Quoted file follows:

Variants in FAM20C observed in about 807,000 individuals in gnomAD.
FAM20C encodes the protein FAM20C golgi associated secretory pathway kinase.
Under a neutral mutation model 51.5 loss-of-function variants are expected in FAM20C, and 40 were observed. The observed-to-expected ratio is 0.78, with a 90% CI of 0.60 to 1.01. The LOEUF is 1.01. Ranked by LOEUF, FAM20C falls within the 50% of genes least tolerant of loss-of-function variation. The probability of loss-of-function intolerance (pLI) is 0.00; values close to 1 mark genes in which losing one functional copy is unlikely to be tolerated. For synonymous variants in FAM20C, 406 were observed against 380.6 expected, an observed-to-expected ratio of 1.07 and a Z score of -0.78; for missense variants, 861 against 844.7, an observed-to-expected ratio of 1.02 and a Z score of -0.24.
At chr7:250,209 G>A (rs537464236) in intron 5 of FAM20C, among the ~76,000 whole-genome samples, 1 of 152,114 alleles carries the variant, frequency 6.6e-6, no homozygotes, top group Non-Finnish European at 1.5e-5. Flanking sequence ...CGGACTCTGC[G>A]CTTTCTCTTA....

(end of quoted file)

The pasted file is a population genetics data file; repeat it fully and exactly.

Variants in FAM20C observed in about 807,000 individuals in gnomAD.
FAM20C encodes the protein FAM20C golgi associated secretory pathway kinase.
Under a neutral mutation model 51.5 loss-of-function variants are expected in FAM20C, and 40 were observed. The observed-to-expected ratio is 0.78, with a 90% CI of 0.60 to 1.01. The LOEUF is 1.01. Ranked by LOEUF, FAM20C falls within the 50% of genes least tolerant of loss-of-function variation. The probability of loss-of-function intolerance (pLI) is 0.00; values close to 1 mark genes in which losing one functional copy is unlikely to be tolerated. For synonymous variants in FAM20C, 406 were observed against 380.6 expected, an observed-to-expected ratio of 1.07 and a Z score of -0.78; for missense variants, 861 against 844.7, an observed-to-expected ratio of 1.02 and a Z score of -0.24.
At chr7:250,209 G>A (rs537464236) in intron 5 of FAM20C, among the ~76,000 whole-genome samples, 1 of 152,114 alleles carries the variant, frequency 6.6e-6, no homozygotes, top group Non-Finnish European at 1.5e-5. Flanking sequence ...CGGACTCTGC[G>A]CTTTCTCTTA....